Australia: Workers compensation news

On or about Christmas day 2017, the sharp edge of the New South Wales Government changes to the Workers Compensation Scheme announced in June 2012, will take effect.

The changes to the scheme announced in June 2012, effectively provide that for most workers, the scheme will only provide weekly compensation payments for a maximum period of 260 weeks. There is an exemption to this rule in respect of workers who have a whole person impairment of more than 20%.

For workers off work at the time of the announcement of the changes, the commencement of the 260 week period was 1 January 2013, and accordingly, the expiration of that period will fall due at or about Christmas day 2017 for many thousands of injured workers in New South Wales. For workers injured after January 2013, the 260 week period would commence on the day they became incapacitated for work.

Statistics available through the workers compensation regulator indicate that there are approximately 5,000 to 6,000 workers in the category who will be directly effected by way of termination of payments in December 2017. Curiously, the majority of that number of workers do not appear to have made any enquiry about their position or have sought legal advice.

What is required to be done, if this has not already been done in the past, is for such injured workers to obtain an assessment of whole person impairment via a Work Cover Approved Specialist. Should the assessment of whole person impairment following upon such examination, be found to be of a level of more than 20%, then the workers entitlements to weekly payments will continue after December 2017. Should the level of whole person impairment be less than 20%, then the workers entitlement to weekly payments will cease.

It is also possible that workers in this category affected by the June 2012 changes, may not have received all of their possible entitlements under the Workers Compensation Act, in particular, with regard to possible claims for lump sum compensation for permanent impairment. The existence or otherwise of such entitlement is again dependent upon the worker undergoing a medico-legal examination by an Approved Medical Specialist.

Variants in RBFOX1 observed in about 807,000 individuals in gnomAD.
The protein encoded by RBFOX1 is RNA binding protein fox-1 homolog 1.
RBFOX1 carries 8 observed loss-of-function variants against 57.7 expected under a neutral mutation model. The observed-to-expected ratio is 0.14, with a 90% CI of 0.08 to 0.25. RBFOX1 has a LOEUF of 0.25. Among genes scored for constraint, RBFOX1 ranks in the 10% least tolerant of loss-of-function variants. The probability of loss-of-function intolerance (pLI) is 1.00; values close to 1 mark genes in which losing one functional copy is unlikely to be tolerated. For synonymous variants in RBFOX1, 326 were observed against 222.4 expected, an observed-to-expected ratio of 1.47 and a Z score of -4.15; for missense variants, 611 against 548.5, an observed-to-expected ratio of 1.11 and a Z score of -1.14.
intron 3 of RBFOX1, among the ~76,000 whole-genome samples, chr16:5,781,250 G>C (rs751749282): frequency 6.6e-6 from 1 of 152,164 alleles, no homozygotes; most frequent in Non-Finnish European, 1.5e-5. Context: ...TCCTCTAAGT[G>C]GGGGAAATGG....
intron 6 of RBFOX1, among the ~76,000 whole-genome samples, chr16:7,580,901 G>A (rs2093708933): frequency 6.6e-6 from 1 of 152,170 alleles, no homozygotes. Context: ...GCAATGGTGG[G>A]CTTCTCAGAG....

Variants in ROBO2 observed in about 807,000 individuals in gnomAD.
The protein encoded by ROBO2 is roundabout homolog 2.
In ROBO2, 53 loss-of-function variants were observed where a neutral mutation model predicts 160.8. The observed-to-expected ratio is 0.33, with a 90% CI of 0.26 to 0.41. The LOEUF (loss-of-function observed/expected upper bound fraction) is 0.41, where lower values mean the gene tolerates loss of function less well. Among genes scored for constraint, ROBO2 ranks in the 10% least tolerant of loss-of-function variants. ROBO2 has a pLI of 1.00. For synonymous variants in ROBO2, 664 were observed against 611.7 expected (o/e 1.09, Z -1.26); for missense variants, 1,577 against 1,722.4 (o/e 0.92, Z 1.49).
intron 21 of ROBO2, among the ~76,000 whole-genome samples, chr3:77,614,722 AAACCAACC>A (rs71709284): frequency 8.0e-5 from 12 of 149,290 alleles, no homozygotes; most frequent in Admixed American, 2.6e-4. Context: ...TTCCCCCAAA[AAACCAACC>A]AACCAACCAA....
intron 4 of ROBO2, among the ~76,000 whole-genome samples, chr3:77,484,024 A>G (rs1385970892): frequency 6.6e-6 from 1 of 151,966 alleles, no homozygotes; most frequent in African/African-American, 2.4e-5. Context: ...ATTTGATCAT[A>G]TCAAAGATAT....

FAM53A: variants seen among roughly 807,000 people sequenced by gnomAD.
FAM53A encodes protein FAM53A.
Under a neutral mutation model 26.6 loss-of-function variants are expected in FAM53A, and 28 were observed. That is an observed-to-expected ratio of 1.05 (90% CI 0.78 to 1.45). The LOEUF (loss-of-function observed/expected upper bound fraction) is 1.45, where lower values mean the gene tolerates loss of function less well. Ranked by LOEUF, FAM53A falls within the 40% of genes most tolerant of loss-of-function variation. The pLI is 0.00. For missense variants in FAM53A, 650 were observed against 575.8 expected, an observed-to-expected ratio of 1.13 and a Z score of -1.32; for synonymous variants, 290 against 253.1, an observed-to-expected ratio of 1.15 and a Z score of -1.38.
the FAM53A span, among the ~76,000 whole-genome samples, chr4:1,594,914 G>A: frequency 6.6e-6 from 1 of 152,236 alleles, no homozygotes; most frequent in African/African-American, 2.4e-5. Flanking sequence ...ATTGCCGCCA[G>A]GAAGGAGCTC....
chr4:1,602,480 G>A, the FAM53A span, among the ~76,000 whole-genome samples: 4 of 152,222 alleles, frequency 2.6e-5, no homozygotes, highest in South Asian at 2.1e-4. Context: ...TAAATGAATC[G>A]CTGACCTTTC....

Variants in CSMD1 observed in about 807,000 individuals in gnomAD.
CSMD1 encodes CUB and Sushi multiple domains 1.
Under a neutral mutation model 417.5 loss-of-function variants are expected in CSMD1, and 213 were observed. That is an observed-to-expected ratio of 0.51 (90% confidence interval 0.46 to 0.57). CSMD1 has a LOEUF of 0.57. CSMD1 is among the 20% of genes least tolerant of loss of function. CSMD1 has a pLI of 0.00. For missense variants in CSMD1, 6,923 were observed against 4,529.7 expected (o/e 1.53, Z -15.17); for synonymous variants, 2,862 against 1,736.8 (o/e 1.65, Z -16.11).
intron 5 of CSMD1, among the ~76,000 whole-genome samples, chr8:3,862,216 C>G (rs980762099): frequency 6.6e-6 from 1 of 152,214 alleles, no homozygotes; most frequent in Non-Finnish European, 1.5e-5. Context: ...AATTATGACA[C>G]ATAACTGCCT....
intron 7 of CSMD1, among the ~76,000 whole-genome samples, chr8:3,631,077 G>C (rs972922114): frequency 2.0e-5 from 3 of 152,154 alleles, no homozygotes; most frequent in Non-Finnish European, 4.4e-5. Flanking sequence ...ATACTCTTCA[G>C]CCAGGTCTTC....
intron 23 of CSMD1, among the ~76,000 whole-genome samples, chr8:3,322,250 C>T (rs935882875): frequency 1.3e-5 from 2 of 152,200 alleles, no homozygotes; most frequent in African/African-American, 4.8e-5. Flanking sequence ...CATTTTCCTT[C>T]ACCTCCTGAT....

One of the other significant changes to the workers compensation system brought about in 2012, is the provision limiting payment of medical and related treatment to a set period after receipt of injury at work. Historically, the Workers Compensation Act of New South Wales contained no provision with regard to the time during which a worker could receive reimbursement for medical and related expenses incurred for a work injury.

That longstanding arrangement was changed in the 2012 amendments to the Act to limit the ability of a worker to recover medical and related expenses to a period of 2 years after the date of injury or 2 years after the last payment of weekly compensation was paid if weekly benefits were in fact paid.

Once again, the crucial issue of the level of a workers whole person impairment becomes relevant as if the injured worker has a level of whole person impairment in excess of 10%, then the 2 year period becomes 5 years for the limitation to take affect, and if the workers level of whole person impairment is in excess of 20%, then the coverage for medical and related expenses becomes unrestricted.

According for workers who may not have received an assessment of whole person impairment in the past, it is vitally important that such assessment be carried out as it will determine not only an entitlement to a lump sum for permanent impairment, but also the length of time during which weekly payments and medical expenses can be preserved.

Carroll & O'Dea Lawyers has a panel of experts in personal injury law who can assist in sorting out the complex legal situation that surrounds the changes to the Workers Compensation System announced in June 2012.

Workers need not be concerned about any possible impact of legal fees as generally speaking, the workers compensation system operates under a different regime of costs to litigation generally and in most instances, a worker has no legal obligation to pay legal fees.

The content of this article is intended to provide a general guide to the subject matter. Specialist advice should be sought about your specific circumstances.

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